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Community and Q&A

Toilet stack alternatives

user-1135248 | Posted in Building Code Questions on

I’ve recently realized that air admittance valves have generally become
more permitted by code and help reduce the number of roof penetrations,
but they likely still won’t do for a sealed system [on-property septic]
as any positive pressure has to have *somewhere* to go. Thus, as far
as I know code only permits AAVs for branches but not the main stack;
there has to be *someplace* for the sewer gas and its attendant
condensation to escape. [Is that also true for systems piped into
city sewers, which would eliminate the pressure problem?]

I did some searching here, without finding much. One or two projects
sent the stack through a gable wall, which might mitigate the roof problem
but is often a pretty inconvenient way to run it, not to mention being
looked on with much skepticism on the part of the local AHJ. One of
the GBA posts seemed to imply a system based solely around an AAV, but
didn’t clarify if it was for the main stack and/or the home was connected
to city sewer instead.

So I’m just trying to clarify what’s legal, sensible, and safe to do in a
building with septic that wants to be as tight as possible and have the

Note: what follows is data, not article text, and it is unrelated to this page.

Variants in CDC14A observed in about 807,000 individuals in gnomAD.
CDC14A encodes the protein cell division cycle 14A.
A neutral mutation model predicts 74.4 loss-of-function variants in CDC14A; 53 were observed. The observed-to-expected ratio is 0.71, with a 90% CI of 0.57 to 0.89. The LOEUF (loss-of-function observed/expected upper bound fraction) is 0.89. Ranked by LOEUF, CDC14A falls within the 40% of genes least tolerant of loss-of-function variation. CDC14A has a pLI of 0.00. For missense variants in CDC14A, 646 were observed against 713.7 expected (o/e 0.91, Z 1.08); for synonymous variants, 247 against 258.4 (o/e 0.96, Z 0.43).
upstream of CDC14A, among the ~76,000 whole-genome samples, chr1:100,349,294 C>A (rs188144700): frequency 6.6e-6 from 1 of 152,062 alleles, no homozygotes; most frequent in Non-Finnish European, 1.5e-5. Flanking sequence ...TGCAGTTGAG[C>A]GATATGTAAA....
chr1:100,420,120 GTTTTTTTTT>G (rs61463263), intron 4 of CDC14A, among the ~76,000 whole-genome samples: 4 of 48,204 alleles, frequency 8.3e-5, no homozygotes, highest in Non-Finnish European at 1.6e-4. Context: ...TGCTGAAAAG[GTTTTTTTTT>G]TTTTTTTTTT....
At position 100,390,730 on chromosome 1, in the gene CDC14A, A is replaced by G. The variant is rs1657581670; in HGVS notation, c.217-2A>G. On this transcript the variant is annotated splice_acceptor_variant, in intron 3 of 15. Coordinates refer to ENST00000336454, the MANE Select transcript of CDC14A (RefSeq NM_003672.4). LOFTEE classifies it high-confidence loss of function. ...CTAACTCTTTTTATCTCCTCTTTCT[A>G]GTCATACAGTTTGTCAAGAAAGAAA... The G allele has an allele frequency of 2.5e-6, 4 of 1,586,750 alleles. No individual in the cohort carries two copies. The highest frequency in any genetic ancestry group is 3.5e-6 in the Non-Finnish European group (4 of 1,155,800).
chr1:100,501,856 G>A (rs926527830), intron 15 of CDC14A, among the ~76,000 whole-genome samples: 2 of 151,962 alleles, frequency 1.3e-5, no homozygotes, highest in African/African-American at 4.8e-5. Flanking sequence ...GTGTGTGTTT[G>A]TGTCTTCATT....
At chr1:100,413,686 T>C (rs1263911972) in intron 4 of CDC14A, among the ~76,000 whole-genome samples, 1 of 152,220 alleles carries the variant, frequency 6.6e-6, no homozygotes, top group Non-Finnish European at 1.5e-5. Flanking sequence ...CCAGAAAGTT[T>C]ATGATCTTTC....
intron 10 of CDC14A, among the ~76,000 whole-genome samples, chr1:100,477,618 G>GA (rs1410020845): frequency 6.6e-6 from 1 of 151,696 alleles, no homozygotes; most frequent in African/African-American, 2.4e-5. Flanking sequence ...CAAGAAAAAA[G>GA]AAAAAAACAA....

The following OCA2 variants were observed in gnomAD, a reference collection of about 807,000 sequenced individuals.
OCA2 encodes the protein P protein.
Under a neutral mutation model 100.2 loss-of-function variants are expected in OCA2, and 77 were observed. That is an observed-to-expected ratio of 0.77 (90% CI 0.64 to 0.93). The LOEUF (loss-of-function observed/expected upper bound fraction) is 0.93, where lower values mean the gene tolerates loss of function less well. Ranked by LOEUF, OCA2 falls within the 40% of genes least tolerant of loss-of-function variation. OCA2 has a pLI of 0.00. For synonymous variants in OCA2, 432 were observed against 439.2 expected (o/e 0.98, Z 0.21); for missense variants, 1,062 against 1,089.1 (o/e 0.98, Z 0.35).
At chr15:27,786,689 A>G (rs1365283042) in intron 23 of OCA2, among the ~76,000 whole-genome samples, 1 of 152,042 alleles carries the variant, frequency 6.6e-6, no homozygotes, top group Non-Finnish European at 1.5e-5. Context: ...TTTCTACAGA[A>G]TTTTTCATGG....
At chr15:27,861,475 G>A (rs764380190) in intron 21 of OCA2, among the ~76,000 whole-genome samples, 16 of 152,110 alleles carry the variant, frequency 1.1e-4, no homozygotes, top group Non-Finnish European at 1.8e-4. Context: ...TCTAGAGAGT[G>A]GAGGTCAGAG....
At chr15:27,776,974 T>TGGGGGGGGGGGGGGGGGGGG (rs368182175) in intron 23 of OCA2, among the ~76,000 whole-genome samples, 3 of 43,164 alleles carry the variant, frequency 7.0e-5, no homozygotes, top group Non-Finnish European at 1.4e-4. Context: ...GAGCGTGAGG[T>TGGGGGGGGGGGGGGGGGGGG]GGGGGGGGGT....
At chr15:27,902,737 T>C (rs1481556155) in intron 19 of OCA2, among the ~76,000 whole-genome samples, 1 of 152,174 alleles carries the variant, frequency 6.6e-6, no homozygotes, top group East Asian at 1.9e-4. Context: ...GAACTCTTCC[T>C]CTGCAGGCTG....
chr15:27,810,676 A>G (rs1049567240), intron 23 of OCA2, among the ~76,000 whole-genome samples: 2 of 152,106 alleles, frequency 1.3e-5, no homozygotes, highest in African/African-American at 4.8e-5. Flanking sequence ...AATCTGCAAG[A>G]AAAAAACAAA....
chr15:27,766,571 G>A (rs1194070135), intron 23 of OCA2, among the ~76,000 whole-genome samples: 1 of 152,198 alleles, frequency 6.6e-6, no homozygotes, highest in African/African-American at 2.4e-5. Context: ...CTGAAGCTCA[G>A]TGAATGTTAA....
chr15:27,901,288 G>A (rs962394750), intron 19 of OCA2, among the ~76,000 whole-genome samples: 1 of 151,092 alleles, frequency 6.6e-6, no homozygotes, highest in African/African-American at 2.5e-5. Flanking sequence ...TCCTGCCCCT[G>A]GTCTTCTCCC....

least amount of stuff poking through the roof. No immediate need here,
although I recently did a bunch of noodling to design a little protective
“snow splitter” for my own stack which is about midway down a standing-seam


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  1. jackofalltrades777 | | #1

    Each area has its own code allowance on AAV's and plumbing vent stacks. In my area they allow AAV's but there must be at least ONE vent stack and that vent stack can exit through a wall. It does NOT have to exit through the roof. As long as pitch and distance from windows/doors is met, it can exit through a gable wall or any wall. In my house design I have ZERO roof penetrations. (Bathroom exhaust is handled through an ERV which has one main exhaust on the side wall and one intake on the side wall also.)

    Call your local code reivew and check with them.

  2. user-2890856 | | #2

    Termination in the open air is just that . It does not matter whether horizontal or vertical . Most model plumbing codes address this . Systems with AAVs must have at least 1 termination to the atmosphere .

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